For more in-depth help, you can also click 'Contact Us' in various places along the form. During business hours, you'll be able to call a live representative who speaks either English or Spanish. In off-hours, you'll be able to send in an email with any questions you may have.

Alternatively, your college's financial aid office can often help you fill out the form and tackle any issues you might encounter.

4
Choose Colleges or Schools

As you fill out your FAFSA application, you'll be required to designate at least one school to receive the info. If you're using the FAFSA pdf, you can list up to four schools. The online application and the mobile app allow you to list up to 10. To designate schools, you'll use their codes, which can be found on the Federal School Code Search.

When it comes to federal aid, it doesn't matter in what order you list your schools. However, certain states do care about your school order. For instance, they may prefer a state school to be listed first. To find out how your state handles school choice order, check out the U.S. Department of Education's guide to FAFSA.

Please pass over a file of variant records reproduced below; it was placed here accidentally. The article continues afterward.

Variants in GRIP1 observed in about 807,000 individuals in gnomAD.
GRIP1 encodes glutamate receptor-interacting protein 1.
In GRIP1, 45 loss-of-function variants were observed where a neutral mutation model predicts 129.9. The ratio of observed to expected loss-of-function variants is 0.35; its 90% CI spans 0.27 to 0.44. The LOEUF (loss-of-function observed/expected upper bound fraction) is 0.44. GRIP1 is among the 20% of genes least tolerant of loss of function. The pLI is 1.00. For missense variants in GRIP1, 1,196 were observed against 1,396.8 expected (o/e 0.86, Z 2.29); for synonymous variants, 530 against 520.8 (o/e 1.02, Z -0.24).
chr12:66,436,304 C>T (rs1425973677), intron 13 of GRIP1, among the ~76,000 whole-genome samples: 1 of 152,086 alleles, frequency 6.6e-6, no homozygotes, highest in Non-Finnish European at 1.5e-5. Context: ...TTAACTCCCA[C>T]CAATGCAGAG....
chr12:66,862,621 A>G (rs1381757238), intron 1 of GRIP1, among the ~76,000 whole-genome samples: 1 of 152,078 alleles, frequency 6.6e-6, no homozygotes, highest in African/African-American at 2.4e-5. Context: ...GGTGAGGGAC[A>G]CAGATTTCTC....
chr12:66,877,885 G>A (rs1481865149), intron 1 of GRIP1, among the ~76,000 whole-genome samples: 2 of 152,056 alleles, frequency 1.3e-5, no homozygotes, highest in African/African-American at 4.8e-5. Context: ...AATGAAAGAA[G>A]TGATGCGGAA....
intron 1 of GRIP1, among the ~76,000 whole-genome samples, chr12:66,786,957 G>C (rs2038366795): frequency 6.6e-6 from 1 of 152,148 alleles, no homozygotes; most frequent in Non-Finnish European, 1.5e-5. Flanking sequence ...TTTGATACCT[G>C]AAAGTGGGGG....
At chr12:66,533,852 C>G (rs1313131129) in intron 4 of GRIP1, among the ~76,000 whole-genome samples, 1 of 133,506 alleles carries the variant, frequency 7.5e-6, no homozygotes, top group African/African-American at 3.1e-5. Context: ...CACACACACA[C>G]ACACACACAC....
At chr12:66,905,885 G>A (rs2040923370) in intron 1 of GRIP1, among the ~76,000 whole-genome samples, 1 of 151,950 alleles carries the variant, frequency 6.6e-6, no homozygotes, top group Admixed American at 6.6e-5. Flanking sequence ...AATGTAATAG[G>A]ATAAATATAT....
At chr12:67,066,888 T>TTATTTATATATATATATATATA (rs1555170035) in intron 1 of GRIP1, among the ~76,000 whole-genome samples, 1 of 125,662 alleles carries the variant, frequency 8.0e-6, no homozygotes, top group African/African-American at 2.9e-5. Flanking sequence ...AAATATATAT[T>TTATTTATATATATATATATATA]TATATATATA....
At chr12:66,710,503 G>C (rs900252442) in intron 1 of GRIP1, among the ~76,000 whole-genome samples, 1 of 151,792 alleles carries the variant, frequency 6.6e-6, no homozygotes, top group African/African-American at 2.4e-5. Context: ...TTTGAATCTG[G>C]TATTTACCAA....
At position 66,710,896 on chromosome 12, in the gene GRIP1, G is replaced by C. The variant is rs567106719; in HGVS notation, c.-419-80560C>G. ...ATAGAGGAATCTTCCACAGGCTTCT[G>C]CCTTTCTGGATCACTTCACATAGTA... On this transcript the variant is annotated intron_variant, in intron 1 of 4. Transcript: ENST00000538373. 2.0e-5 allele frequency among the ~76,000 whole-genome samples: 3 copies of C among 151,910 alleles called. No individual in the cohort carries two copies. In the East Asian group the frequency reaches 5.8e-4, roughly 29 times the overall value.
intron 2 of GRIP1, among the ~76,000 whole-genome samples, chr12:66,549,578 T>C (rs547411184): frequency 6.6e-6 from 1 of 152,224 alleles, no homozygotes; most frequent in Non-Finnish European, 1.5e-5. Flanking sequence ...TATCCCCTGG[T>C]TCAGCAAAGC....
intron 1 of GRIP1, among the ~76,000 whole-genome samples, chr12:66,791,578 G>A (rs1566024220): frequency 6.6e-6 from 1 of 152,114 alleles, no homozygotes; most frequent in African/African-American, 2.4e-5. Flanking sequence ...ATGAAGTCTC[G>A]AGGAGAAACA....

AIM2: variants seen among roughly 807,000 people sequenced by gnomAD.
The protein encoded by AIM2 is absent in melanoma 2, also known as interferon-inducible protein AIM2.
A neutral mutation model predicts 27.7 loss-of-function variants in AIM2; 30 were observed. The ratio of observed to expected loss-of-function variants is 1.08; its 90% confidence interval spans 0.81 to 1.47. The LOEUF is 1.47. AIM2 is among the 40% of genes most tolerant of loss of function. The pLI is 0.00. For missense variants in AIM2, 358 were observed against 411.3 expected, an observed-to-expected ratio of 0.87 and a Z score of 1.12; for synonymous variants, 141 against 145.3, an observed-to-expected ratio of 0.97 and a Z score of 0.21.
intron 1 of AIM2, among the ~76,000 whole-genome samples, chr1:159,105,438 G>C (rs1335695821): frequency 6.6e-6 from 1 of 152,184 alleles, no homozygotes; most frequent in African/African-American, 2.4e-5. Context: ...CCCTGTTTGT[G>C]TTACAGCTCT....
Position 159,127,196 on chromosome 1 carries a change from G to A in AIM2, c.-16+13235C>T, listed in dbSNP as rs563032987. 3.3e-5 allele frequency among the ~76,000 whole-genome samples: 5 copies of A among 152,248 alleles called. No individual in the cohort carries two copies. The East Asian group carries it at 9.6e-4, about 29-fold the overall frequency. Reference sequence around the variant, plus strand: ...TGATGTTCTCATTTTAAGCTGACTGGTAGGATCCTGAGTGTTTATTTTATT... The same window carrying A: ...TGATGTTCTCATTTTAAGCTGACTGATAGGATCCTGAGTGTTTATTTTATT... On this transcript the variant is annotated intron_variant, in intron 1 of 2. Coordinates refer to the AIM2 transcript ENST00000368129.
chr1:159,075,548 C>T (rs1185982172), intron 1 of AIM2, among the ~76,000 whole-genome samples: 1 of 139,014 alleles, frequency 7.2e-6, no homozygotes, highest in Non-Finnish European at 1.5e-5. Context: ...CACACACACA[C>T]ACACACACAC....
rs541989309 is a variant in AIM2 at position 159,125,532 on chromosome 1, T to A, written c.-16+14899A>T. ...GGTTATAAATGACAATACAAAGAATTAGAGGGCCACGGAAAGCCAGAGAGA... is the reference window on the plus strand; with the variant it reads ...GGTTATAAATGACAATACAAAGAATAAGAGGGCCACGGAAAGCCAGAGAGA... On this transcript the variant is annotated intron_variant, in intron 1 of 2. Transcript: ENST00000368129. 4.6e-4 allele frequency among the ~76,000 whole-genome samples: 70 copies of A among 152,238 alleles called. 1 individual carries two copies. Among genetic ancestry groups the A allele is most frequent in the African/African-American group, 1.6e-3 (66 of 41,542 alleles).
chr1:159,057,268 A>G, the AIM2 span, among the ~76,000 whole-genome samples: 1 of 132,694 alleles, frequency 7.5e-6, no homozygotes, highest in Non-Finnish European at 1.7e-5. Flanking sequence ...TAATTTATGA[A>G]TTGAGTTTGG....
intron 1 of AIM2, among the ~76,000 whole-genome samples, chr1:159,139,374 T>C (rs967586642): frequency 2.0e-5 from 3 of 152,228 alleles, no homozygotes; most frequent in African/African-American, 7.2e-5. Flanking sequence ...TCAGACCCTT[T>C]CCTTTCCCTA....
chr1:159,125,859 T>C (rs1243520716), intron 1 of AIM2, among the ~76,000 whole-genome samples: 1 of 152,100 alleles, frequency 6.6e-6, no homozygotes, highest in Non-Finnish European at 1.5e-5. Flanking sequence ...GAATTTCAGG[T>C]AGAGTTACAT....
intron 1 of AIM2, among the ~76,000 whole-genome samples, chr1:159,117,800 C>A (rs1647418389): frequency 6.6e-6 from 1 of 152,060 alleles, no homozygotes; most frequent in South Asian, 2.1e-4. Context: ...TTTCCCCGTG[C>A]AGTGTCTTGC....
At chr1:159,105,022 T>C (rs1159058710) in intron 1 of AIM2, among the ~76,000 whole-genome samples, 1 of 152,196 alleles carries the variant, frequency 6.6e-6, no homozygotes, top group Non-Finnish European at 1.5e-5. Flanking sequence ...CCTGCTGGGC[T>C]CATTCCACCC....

5
Sign and Submit Your Application

When everything is filled out, you can print the document, sign it, and mail it off to FAFSA, or you can use your FSA ID to digitally sign it and send it in instantaneously. For digital applications, you'll be taken to a confirmation page and sent a confirmation email once the form submits successfully. We recommend saving a copy of both the confirmation page and email; each one is different and has valuable information you might need down the road.

The confirmation page will have a link to submit your application's information to your state's aid program if your state has a partnership with FAFSA. For instance, if you live in the state of New York, you'll be able to quickly apply to the state's Tuition Assistance Program (TAP).

You can check on the status of your FAFSA application at any time using your FSA ID or the myStudentAid app if you submitted online. If you mailed in a paper application, it may take 7-10 days to get a status message. There are four possible statuses:

Status Message Meaning
Processing Your application is being processed; this can take up to 6 days
Processed Successfully Your application was processed and there's nothing else you need to do
On Hold: Missing Signatures You'll need to submit your signatures successfully before the process will move forward
Action Required You'll need to take further action; contact the school to address the issue